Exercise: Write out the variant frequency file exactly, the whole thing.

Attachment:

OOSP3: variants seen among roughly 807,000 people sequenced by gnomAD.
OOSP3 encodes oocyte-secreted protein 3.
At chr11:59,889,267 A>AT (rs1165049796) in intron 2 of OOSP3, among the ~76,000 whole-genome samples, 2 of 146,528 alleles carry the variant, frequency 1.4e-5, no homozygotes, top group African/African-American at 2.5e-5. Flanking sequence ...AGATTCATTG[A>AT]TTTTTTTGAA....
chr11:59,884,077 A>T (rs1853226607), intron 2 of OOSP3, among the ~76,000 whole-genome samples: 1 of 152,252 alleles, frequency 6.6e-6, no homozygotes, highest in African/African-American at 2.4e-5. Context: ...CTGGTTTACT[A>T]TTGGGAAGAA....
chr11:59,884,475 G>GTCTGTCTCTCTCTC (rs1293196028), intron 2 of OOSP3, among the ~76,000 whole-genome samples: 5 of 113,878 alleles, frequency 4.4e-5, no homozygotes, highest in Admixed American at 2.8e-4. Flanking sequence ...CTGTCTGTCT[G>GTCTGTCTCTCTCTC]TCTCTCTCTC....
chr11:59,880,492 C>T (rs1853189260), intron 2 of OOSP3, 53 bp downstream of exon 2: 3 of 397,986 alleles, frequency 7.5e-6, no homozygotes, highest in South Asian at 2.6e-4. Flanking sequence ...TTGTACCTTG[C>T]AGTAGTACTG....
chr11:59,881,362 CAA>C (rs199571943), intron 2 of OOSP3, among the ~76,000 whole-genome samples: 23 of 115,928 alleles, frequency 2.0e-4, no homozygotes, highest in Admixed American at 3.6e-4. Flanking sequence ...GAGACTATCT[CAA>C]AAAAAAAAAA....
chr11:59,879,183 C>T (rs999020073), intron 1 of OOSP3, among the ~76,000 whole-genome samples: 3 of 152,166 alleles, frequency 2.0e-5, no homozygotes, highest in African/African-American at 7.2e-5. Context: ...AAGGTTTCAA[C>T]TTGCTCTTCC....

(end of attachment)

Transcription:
OOSP3: variants seen among roughly 807,000 people sequenced by gnomAD.
OOSP3 encodes oocyte-secreted protein 3.
At chr11:59,889,267 A>AT (rs1165049796) in intron 2 of OOSP3, among the ~76,000 whole-genome samples, 2 of 146,528 alleles carry the variant, frequency 1.4e-5, no homozygotes, top group African/African-American at 2.5e-5. Flanking sequence ...AGATTCATTG[A>AT]TTTTTTTGAA....
chr11:59,884,077 A>T (rs1853226607), intron 2 of OOSP3, among the ~76,000 whole-genome samples: 1 of 152,252 alleles, frequency 6.6e-6, no homozygotes, highest in African/African-American at 2.4e-5. Context: ...CTGGTTTACT[A>T]TTGGGAAGAA....
chr11:59,884,475 G>GTCTGTCTCTCTCTC (rs1293196028), intron 2 of OOSP3, among the ~76,000 whole-genome samples: 5 of 113,878 alleles, frequency 4.4e-5, no homozygotes, highest in Admixed American at 2.8e-4. Flanking sequence ...CTGTCTGTCT[G>GTCTGTCTCTCTCTC]TCTCTCTCTC....
chr11:59,880,492 C>T (rs1853189260), intron 2 of OOSP3, 53 bp downstream of exon 2: 3 of 397,986 alleles, frequency 7.5e-6, no homozygotes, highest in South Asian at 2.6e-4. Flanking sequence ...TTGTACCTTG[C>T]AGTAGTACTG....
chr11:59,881,362 CAA>C (rs199571943), intron 2 of OOSP3, among the ~76,000 whole-genome samples: 23 of 115,928 alleles, frequency 2.0e-4, no homozygotes, highest in Admixed American at 3.6e-4. Flanking sequence ...GAGACTATCT[CAA>C]AAAAAAAAAA....
chr11:59,879,183 C>T (rs999020073), intron 1 of OOSP3, among the ~76,000 whole-genome samples: 3 of 152,166 alleles, frequency 2.0e-5, no homozygotes, highest in African/African-American at 7.2e-5. Context: ...AAGGTTTCAA[C>T]TTGCTCTTCC....